Book Review: Tristi Pinkston

Book Review: “Parenting with Spiritual Power” by Julie K. Nelson

By Tristi Pinkston, book reviewer for AML (Association for Mormon Letters) and Meridian Magazine at

When I first became a mother nearly seventeen years ago, I was overwhelmed—with love, with awe, and with a sense of tremendous responsibility. Nothing will make you feel the weight of adulthood on your shoulders like becoming a parent—a little being now depends on you for everything from food and diaper changes to nurturing in the gospel and instruction on how to return to our Heavenly Father. And perhaps the most overwhelming feeling of all was the message I received from the Spirit one night while taking care of my daughter—this was God’s baby, on loan to me, and I’d better do right by her.

Talk about pressure.

Because we have been entrusted with the care and keeping of our Heavenly Father’s children, it only makes sense that we should raise them in His way. I’ll liken it to babysitting. When you take a babysitting job, the parents will tell you the child’s bedtime and what they should have for dinner and what rules they should follow. They also provide a telephone number in case of emergency. Our Heavenly Father has done no differently. He has given us instructions for His children—commandments and the scriptures—and He gave us a way to contact Him—prayer—if we need help.

The new book “Parenting with Spiritual Power” by Julie K. Nelson outlines some of the examples we find in the scriptures of good parents and the way that God parents us. After all, what better example of a father could we find than our Eternal Father? The author posits that the scriptures are the best instruction manual we could ever find for raising our children and that by turning to them, we can feel as though we’re raising our children in the most loving, Christlike, and effective way.

Each chapter takes a story or episode from the scriptures and likens it to our relationship to our own children today. We start out the book with a discussion of how God dealt with Adam and Eve in the Garden of Eden. He outlined the rule, told them of the consequences, and then allowed them room to make their own choice. When they broke the rule, He didn’t pat them on the head—He made it clear that they had disobeyed. But He also gave them the opportunity to try again, and He continued to love them and teach them and be a father to them. While He did have to drive them from the garden because that was the natural consequence, He never ceased caring about their welfare.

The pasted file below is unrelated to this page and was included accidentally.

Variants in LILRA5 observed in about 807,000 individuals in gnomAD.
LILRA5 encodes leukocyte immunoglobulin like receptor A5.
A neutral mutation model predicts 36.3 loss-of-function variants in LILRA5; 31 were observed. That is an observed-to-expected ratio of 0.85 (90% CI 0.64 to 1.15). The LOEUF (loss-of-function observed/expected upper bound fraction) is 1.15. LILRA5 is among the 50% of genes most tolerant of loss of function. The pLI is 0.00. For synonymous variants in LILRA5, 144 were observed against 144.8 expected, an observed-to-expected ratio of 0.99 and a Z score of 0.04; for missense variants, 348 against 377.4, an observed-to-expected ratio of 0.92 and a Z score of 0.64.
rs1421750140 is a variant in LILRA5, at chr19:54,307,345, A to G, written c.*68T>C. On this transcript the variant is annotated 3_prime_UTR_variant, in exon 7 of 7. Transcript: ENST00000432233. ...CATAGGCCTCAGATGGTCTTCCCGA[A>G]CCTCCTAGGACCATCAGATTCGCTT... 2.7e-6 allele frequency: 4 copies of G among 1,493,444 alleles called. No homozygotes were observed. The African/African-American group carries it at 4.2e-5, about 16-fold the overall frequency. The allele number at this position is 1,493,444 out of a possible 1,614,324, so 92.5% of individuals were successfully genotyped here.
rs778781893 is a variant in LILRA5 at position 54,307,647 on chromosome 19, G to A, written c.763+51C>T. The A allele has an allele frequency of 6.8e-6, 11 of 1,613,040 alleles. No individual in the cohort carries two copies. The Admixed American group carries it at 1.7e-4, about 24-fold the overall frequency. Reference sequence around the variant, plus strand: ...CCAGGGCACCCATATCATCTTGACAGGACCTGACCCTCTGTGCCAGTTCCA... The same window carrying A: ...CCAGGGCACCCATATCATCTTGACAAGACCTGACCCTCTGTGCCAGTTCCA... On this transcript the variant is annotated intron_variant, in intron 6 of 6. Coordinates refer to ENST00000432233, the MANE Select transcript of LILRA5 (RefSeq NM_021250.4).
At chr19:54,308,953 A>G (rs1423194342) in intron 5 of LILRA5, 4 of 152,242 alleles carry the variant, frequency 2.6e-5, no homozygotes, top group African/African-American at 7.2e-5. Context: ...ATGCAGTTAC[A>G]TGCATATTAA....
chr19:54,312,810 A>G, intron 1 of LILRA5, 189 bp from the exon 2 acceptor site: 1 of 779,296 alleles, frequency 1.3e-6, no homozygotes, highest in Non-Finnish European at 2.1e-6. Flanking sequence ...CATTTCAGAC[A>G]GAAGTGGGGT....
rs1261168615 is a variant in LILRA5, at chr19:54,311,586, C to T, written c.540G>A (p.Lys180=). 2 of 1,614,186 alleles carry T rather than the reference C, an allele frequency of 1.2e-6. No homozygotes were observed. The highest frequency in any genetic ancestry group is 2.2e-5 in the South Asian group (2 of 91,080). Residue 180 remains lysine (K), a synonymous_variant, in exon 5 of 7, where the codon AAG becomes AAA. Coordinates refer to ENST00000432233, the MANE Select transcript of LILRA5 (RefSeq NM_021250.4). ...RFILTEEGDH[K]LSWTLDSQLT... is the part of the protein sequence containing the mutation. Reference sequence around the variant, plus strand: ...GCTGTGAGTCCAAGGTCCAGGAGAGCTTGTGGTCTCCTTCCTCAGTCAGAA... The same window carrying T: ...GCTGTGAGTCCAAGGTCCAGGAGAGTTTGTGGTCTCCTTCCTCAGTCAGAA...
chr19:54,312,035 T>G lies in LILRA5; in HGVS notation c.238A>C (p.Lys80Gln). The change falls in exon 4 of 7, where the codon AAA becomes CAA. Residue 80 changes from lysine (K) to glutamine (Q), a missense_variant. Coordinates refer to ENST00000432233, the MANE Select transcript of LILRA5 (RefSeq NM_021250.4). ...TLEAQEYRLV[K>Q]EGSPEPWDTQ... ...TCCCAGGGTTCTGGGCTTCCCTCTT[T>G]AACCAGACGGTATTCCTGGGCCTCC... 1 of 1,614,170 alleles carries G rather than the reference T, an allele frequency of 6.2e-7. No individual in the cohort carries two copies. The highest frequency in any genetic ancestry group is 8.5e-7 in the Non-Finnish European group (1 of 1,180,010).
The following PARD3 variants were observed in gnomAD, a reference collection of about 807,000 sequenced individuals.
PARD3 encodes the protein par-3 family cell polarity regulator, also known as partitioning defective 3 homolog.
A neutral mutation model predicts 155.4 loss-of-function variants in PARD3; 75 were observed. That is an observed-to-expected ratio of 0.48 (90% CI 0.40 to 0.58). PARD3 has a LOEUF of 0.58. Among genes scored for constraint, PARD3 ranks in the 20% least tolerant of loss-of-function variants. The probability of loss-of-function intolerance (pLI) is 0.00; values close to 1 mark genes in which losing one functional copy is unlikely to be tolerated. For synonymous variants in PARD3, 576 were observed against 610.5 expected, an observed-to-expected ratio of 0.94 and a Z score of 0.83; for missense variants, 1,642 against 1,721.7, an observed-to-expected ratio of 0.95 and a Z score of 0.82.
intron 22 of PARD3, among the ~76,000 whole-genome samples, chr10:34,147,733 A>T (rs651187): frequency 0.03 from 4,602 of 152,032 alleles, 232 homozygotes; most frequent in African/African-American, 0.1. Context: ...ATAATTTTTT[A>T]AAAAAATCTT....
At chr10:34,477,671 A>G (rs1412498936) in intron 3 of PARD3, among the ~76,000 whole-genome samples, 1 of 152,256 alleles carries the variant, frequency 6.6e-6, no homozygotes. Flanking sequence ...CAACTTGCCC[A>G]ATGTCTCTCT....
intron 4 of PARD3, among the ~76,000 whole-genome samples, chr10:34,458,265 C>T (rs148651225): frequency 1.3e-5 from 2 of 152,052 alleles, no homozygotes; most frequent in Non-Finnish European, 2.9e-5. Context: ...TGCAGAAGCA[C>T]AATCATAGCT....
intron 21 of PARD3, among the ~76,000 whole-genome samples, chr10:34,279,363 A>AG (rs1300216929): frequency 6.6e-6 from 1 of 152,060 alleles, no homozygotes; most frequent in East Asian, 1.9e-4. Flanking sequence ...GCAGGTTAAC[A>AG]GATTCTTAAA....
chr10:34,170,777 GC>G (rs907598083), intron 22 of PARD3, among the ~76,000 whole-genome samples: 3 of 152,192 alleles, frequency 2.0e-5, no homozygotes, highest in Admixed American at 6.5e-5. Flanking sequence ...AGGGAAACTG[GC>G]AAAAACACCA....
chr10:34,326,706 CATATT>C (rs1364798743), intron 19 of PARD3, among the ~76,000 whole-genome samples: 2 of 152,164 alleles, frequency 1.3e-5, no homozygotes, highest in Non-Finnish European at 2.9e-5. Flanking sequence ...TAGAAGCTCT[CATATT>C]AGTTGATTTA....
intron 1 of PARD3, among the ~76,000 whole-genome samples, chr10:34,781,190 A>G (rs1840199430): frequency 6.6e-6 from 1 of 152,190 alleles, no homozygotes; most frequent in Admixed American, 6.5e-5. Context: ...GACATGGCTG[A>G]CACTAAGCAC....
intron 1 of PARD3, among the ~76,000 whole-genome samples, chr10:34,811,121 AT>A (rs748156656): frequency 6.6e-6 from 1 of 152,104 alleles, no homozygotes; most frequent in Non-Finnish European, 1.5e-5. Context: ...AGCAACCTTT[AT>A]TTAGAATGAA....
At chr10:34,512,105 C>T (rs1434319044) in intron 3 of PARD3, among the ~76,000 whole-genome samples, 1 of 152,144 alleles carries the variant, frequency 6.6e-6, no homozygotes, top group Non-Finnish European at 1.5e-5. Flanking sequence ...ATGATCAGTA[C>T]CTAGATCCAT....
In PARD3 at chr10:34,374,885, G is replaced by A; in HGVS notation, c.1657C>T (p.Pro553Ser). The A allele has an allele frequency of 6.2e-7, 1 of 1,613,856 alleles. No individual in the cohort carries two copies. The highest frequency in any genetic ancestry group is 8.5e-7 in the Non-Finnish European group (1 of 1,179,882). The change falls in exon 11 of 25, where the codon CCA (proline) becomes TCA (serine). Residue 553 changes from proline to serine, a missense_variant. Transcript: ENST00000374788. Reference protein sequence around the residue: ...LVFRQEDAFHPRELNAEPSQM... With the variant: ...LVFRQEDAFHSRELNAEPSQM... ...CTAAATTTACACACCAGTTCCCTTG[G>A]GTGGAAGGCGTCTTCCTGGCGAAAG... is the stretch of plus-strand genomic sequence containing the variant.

The author then explains how the principle of free agency and consequences can be applied in our families as well. Adam and Eve were very much like children, and while we are not God, we can use His perfect example as we seek to teach and discipline.

Additional chapters examine the power of teaching our children doctrine, as demonstrated by the Savior’s interactions with Judas and with Mary. We learn about the power of having good cheer, as demonstrated by Lehi and his family. Alma and Corianton show us the power of correcting with love. And perhaps one of my favorite chapters in the book—the power of banners and fortifications as shown us by Captain Moroni.

One of the banners, in this case, was compared to “The Family: A Proclamation to the World.” Just as Moroni took a pole and mounted a flag whereon he wrote his reasons for fighting, essentially reminding himself and everyone around him that his cause was just, we can hold the Proclamation up high and say, “This is what we believe, this is where we stand, and we won’t back down from it.” Of all the things we have to fight for, what could possibly be of more worth than the family? I can’t think of one.

This book caused me not only to think about parenting in a more godly way, but the scriptures as well. We’ve always been taught that we’ll learn great and important truths from the scriptures, but it’s key for us to realize that they aren’t just stories sprinkled with a bunch of wars. They are examples given to us for how we can better live our lives, and the book is a step-by-step curriculum for how we can implement the scriptures more fully. In addition, I would say that it gave me some hope on my journey of motherhood. At times it seems so overwhelming, and even impossible. But God loves His children so much that He made sure we would have the knowledge we would need to be successful parents, and we can turn to Him in prayer for comfort and additional answers. Children might not come with instruction manuals, but what they have been sent with is even more perfect.


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